So what functions do you use in Eventee?

First we plan the agenda using the application. We set the time frame and add lectures and speakers. Then we plan the communication with participants during the conference, thanks to the newsfeed function. This will save us a lot of time, primarily the time at the conference. Everything is divided into phases, available to everybody and paperless. We do not need to invest in booklets, print programs or post them around the room. During lectures, we use the Live Questions feature. At the same time, we value the ability to collect instant feedback on site, it is very important for us and for the proper running of the event.

Imagine the event is coming in two weeks and you have less than half of the participants. Can you give some tips to our readers on how to quickly reach potential participants?

It depends on who the target group is. If they are students, we do direct emailing and offline happenings. We simply train a few people on the content, and then they go to schools to explain students why we are doing this event and what is beneficial about it. When the clients are external, we use phone calls. We choose companies that have already cooperated with us or companies where our target group is located, and we call them and offer the event.

What is your rough event budget? Can you tell how high the initial spending can be? What is for example the price of renting a hall for such university event, etc.?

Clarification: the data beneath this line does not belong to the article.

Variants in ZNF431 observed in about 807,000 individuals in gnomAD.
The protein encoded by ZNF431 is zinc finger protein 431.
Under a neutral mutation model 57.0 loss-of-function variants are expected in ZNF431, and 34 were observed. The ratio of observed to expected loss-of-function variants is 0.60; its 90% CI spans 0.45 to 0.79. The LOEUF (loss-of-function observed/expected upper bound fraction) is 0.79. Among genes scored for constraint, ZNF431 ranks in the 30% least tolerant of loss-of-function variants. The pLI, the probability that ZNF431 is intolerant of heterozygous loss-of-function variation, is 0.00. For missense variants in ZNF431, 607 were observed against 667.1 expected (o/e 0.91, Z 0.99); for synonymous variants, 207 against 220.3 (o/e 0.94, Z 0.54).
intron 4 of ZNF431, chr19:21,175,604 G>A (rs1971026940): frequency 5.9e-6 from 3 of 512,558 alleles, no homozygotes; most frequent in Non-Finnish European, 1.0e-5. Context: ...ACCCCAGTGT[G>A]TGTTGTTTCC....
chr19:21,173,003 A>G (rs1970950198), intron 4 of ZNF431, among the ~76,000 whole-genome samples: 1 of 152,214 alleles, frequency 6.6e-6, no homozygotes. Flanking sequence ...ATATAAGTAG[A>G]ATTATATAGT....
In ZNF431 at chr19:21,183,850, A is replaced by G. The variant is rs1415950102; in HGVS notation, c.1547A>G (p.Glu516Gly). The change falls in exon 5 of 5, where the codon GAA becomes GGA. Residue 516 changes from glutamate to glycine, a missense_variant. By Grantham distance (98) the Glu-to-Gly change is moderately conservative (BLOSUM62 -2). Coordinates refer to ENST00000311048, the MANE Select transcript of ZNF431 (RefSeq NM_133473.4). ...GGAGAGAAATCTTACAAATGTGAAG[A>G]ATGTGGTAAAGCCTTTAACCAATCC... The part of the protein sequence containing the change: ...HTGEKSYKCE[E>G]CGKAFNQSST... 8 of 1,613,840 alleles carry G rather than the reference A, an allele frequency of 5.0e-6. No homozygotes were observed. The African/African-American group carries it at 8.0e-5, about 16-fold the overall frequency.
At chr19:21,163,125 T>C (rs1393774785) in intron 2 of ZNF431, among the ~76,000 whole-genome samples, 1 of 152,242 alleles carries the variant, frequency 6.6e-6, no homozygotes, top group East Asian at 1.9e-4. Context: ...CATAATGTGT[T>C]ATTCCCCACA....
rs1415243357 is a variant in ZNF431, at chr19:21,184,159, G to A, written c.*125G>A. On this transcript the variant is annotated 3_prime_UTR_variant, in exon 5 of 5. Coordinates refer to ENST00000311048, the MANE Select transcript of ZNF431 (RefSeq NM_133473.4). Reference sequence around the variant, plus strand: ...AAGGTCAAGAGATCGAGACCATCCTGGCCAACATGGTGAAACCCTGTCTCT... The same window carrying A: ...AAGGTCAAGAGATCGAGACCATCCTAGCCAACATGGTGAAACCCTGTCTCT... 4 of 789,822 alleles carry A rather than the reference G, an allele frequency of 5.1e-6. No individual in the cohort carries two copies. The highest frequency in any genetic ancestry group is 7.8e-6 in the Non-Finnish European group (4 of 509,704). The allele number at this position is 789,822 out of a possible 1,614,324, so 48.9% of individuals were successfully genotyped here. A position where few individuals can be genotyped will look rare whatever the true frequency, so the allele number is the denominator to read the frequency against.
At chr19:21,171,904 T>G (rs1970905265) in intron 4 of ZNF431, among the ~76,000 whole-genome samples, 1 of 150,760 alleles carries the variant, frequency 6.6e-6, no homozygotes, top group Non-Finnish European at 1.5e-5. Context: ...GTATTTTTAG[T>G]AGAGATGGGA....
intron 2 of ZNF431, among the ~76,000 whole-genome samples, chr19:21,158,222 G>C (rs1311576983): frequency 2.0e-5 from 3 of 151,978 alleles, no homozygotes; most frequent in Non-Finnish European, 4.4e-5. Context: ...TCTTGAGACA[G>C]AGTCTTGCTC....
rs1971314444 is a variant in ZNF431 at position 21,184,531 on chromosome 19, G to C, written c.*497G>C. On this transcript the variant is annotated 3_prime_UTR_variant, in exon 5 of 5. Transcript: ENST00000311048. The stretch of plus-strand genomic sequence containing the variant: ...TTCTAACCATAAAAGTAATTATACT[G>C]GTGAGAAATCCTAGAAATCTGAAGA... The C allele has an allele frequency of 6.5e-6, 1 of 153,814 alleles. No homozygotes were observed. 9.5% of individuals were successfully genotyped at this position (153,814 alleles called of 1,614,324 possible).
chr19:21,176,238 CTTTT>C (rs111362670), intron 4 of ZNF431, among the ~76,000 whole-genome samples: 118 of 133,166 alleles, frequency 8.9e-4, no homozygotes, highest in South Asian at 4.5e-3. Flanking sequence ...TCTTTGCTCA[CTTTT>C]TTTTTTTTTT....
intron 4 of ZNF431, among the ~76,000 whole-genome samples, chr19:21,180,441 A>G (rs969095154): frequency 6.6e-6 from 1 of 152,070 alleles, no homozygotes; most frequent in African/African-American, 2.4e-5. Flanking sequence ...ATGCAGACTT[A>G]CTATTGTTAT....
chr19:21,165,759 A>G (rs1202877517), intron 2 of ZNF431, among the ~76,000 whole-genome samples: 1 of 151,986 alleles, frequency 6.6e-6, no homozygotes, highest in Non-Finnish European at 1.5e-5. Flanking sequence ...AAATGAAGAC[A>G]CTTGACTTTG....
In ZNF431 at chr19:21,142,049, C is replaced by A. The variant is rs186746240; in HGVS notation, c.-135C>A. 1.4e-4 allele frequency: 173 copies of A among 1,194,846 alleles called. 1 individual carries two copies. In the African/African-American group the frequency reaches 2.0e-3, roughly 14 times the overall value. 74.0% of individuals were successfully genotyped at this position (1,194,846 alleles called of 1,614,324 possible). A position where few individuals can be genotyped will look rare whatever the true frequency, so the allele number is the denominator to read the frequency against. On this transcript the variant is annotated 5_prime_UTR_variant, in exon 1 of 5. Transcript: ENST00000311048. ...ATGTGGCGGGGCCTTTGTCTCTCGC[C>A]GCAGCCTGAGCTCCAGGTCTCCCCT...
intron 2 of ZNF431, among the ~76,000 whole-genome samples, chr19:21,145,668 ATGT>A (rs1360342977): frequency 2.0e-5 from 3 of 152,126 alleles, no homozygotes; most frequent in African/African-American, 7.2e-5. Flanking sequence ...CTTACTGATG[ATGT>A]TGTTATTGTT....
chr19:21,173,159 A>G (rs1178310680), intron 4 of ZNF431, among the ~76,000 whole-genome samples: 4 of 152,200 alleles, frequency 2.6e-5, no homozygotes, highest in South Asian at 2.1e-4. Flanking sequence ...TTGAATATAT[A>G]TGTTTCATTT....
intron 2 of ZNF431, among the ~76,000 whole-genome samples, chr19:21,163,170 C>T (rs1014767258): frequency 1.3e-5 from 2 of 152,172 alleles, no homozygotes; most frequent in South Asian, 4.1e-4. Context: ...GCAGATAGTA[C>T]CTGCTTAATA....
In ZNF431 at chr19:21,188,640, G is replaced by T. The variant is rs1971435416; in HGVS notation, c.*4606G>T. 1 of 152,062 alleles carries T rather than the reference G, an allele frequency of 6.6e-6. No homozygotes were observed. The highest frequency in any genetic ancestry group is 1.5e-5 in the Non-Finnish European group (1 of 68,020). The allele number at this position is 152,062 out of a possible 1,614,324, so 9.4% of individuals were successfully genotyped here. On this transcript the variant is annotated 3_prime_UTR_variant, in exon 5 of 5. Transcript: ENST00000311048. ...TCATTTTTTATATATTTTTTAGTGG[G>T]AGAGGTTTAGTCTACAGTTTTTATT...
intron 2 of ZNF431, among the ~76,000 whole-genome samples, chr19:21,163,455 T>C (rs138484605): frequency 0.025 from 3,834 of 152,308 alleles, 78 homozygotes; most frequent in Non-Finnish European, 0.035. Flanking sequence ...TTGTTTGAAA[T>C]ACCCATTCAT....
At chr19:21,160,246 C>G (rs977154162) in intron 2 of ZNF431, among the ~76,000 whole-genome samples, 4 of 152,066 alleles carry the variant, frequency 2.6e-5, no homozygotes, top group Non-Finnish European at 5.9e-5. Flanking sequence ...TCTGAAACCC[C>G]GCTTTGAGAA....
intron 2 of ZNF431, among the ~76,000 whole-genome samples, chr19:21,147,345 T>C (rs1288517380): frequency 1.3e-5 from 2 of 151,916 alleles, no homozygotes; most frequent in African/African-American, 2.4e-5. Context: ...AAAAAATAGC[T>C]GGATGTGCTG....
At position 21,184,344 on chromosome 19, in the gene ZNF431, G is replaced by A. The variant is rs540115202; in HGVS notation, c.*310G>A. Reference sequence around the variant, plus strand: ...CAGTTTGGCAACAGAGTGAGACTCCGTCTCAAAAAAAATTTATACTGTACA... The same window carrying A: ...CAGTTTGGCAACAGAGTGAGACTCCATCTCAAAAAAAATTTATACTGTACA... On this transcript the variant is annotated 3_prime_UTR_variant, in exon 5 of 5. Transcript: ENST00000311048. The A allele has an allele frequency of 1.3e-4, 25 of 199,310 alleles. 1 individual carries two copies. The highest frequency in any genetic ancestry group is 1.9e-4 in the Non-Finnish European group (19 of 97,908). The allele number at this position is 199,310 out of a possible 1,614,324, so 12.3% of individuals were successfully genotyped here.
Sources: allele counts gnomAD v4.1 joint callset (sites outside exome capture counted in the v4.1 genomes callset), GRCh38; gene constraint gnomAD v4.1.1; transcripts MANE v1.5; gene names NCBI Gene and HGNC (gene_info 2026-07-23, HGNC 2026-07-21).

It depends on where you want to do the event. If you want to make a huge conference in the lobby, the expenditures can go up to a million Czech crowns. If you plan to make a conference somewhere at a university or in conference facilities, I can guess that an all-day event for 150 people with catering will fit up to CZK 150,000 all-inclusive.

Can you offer some hints on how to get sponsors for the conference? What is the best service in return for their financial contribution?

Each partner wants to present themselves or meet personally the participants there. Ideally, you should offer space for a banner or online and offline advertising to sponsors. If a barter partner is involved, let him have his stand at the event and offer his product. We had a great cooperation with, for example, Nespresso that provided a coffee shop at our conference and had a sales representative there. I would be very restrained with offering a presentation space for financial partners. There is a huge risk that the partner will turn it into his own promotion, and this can be a major hurdle for the agenda. Then the participants might become angry that they have paid for a conference that is not about something they had expected. So if you would like to go for this option, I would recommend offering just 10 minutes to introduce the partner, but do not include them in the content part of the event at all.

In conclusion, could you provide 5 tips of must issues involved in the university event preparation process?

Keep thinking about making the present target groups feel fine, and about speakers always feeling convenient.

When planning catering, think about having enough of everything, including drinks and delicious coffee, and to have everything looking nice. Find out in advance if participants have any food intolerance (send a questionnaire on food restrictions three weeks before the conference and adapt to it).

Unite the graphics of the entire conference, tune up presentations with the event logo and promotional materials.

Sufficiently inform the participants about where and when to come, where they can park, what will be the event timetable, when is the first coffee break planned (important for conferences that start in the morning).

Always communicate as a team and meet. Ensure everyone knows everything and no information is lost.

Veronika, thank you for the interview and for your time!

Thank you for the invitation. :)

Subscribe to Eventee blog

Get latest posts delivered right to your inbox
Thank you! Your submission has been received!
Oops! Something went wrong while submitting the form.